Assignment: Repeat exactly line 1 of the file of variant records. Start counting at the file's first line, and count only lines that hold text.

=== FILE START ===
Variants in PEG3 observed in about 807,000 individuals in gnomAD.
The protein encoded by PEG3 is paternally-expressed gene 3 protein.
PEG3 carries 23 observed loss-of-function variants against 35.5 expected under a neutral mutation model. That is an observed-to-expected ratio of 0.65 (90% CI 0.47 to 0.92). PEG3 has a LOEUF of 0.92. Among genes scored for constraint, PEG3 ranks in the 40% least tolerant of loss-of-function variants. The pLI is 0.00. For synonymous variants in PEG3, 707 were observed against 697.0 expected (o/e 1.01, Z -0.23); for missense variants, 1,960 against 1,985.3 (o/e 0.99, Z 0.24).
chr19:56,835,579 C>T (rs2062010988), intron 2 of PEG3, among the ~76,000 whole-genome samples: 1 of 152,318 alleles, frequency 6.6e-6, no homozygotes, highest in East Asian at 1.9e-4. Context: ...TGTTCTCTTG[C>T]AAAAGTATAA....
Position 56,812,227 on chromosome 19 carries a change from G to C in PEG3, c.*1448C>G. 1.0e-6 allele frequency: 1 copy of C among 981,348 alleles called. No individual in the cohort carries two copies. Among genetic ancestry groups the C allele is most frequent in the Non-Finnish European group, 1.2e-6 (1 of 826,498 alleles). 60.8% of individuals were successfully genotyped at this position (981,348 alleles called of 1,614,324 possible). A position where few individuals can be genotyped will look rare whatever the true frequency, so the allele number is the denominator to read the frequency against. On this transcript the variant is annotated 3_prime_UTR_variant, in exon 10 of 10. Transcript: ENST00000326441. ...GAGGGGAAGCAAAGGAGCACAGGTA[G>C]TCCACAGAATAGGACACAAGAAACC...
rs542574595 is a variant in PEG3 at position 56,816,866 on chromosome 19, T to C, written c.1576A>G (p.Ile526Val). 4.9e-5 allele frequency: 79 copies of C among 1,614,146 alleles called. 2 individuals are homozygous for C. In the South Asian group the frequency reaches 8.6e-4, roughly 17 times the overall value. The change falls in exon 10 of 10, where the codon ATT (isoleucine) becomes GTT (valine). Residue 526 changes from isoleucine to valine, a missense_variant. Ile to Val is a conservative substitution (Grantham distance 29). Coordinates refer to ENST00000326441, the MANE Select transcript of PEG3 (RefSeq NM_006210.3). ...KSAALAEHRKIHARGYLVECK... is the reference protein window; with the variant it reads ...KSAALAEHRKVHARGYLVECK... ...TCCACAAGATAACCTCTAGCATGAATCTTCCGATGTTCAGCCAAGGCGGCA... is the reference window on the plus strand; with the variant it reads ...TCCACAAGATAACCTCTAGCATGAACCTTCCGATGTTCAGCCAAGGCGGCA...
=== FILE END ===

Variants in PEG3 observed in about 807,000 individuals in gnomAD.